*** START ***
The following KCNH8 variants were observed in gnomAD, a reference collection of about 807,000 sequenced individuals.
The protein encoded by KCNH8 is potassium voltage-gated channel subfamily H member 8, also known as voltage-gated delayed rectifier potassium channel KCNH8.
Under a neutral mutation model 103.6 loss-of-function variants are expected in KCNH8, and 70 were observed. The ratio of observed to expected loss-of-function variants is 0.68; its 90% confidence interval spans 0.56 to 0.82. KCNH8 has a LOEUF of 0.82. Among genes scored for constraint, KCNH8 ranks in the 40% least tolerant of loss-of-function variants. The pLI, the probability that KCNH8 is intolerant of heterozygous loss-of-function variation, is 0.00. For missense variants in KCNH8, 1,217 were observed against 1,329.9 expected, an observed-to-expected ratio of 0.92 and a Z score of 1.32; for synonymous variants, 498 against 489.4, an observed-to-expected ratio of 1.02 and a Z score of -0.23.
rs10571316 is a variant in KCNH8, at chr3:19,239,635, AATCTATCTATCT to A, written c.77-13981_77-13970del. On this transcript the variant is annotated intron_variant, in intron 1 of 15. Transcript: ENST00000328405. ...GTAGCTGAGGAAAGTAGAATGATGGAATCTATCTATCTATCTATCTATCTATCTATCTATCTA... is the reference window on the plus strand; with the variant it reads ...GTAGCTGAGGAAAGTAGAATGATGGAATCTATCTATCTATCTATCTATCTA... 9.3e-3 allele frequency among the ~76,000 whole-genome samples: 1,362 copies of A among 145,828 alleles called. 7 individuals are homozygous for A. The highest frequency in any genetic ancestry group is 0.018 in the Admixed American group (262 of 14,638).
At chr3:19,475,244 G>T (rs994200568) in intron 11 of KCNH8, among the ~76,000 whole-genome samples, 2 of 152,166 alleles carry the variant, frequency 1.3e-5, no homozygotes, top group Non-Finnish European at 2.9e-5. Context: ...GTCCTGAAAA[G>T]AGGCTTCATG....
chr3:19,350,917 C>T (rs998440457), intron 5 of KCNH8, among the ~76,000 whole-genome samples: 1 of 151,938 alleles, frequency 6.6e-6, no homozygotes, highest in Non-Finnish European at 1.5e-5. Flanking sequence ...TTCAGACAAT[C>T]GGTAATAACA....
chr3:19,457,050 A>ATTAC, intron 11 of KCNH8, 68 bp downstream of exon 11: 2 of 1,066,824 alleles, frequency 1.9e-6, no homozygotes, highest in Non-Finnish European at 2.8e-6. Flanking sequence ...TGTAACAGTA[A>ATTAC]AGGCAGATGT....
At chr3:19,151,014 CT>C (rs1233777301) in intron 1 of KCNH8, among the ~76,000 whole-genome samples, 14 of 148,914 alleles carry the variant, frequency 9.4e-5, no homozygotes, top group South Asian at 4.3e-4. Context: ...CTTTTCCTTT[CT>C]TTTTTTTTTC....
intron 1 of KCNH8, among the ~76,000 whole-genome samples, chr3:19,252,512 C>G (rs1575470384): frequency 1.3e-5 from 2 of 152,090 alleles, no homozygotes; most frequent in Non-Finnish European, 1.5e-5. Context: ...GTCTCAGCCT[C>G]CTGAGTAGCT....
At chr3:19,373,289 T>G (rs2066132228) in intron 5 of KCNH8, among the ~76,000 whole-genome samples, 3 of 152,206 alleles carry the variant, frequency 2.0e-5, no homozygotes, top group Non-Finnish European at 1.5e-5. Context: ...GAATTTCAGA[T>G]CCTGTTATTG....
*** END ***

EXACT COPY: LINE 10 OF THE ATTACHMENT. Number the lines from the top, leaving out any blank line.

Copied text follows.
At chr3:19,373,289 T>G (rs2066132228) in intron 5 of KCNH8, among the ~76,000 whole-genome samples, 3 of 152,206 alleles carry the variant, frequency 2.0e-5, no homozygotes, top group Non-Finnish European at 1.5e-5. Context: ...GAATTTCAGA[T>G]CCTGTTATTG....